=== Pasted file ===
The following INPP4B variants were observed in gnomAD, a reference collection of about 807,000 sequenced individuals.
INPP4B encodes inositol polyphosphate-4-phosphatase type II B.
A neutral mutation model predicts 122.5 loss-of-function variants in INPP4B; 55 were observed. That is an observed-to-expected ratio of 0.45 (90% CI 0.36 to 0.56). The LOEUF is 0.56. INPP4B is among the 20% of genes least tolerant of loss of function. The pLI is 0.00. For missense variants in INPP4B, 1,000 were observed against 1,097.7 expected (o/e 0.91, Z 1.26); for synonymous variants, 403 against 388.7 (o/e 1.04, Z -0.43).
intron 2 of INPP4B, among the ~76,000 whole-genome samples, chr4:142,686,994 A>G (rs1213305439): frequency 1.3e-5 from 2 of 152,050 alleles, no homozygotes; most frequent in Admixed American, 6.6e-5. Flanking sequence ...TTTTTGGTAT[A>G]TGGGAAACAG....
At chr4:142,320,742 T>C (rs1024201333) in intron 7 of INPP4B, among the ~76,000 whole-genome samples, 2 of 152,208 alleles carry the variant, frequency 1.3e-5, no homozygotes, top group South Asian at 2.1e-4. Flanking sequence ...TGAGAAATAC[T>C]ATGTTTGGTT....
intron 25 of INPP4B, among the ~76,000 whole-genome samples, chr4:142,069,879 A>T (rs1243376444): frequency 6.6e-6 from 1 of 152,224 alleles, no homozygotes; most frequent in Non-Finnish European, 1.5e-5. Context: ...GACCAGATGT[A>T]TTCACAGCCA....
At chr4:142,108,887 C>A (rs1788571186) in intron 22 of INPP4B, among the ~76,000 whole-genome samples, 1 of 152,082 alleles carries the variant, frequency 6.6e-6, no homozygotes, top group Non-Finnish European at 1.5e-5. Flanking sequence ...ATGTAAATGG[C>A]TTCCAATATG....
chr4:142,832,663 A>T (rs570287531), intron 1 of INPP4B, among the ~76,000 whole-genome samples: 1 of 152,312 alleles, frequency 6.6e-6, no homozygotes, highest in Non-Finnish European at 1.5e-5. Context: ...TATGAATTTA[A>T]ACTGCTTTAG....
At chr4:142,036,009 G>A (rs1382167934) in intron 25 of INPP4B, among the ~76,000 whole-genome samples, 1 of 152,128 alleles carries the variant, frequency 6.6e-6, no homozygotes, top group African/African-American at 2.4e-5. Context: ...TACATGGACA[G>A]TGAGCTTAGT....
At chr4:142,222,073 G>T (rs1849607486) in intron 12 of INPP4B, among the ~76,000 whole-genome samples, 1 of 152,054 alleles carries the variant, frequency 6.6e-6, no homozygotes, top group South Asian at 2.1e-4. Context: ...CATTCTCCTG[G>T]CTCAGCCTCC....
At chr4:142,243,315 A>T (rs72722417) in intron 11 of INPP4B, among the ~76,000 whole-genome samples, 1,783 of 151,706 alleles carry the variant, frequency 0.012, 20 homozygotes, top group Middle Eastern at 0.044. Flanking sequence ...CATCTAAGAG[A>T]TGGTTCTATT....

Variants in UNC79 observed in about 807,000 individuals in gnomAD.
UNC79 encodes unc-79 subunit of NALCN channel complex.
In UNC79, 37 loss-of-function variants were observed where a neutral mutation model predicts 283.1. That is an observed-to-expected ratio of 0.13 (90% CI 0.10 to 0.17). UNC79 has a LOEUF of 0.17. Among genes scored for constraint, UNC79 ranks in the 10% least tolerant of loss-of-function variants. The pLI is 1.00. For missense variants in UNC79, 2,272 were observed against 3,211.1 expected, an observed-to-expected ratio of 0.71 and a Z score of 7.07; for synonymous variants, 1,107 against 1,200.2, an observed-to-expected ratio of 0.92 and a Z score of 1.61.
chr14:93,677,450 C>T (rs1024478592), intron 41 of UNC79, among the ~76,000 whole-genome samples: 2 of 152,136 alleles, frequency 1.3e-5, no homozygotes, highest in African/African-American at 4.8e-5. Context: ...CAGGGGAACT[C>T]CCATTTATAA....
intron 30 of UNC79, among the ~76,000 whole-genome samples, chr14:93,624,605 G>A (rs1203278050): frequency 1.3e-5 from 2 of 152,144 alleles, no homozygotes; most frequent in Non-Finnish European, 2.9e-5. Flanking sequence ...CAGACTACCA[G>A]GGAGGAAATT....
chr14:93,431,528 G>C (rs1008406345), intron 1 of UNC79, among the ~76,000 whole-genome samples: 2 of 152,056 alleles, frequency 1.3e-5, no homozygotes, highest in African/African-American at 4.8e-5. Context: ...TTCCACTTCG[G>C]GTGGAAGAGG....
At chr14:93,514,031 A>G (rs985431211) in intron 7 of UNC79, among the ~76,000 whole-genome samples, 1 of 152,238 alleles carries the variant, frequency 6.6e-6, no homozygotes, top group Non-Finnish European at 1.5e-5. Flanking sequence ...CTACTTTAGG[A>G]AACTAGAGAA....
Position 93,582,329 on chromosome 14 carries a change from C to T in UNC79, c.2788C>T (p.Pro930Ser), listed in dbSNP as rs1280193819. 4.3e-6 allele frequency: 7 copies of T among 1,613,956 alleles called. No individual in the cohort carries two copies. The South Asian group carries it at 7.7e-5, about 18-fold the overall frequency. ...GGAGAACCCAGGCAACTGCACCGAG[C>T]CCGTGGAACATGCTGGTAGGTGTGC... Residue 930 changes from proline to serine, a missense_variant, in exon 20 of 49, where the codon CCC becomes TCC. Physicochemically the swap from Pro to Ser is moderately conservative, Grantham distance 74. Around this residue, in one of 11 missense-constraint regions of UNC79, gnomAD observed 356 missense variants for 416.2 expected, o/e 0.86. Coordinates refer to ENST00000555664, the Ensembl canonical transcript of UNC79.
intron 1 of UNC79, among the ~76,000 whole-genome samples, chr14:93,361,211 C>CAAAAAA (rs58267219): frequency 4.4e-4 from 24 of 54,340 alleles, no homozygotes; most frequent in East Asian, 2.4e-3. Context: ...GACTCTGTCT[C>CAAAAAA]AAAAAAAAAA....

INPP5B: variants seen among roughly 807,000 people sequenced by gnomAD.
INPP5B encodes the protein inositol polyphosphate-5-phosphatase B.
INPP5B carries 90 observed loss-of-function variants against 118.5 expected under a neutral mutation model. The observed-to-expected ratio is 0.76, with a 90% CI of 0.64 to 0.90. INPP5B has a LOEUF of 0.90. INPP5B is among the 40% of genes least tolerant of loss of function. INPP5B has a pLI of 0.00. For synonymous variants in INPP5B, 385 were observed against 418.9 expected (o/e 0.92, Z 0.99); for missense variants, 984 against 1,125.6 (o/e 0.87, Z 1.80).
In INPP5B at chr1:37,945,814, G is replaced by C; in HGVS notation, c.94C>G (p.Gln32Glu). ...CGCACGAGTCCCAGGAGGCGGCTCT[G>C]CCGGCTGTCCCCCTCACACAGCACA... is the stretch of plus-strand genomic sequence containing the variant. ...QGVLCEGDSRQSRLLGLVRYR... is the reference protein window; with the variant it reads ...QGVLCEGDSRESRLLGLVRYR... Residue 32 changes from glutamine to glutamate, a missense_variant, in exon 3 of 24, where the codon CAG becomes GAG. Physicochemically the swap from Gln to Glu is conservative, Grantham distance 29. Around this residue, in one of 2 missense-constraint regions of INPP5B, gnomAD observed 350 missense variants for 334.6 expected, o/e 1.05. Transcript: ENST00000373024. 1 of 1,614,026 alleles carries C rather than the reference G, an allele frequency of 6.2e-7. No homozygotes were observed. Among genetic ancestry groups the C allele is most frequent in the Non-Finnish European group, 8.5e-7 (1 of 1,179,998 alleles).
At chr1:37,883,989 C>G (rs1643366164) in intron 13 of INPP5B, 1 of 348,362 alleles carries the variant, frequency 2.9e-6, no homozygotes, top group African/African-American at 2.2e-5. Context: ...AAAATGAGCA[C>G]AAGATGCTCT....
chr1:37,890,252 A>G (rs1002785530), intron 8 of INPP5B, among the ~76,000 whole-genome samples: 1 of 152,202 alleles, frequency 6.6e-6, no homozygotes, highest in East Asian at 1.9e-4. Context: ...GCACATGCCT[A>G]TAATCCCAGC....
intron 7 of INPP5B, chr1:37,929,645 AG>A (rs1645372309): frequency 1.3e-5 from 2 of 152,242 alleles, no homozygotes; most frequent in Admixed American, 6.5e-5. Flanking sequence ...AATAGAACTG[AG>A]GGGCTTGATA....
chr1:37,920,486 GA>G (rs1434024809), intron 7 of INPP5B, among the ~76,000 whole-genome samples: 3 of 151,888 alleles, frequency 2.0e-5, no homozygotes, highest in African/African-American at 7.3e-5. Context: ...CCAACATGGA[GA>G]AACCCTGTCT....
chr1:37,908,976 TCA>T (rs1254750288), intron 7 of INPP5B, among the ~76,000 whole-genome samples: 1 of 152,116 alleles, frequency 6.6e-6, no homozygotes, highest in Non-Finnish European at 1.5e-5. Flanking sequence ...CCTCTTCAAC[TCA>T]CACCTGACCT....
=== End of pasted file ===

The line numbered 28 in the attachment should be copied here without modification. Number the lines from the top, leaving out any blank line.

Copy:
chr1:37,920,486 GA>G (rs1434024809), intron 7 of INPP5B, among the ~76,000 whole-genome samples: 3 of 151,888 alleles, frequency 2.0e-5, no homozygotes, highest in African/African-American at 7.3e-5. Context: ...CCAACATGGA[GA>G]AACCCTGTCT....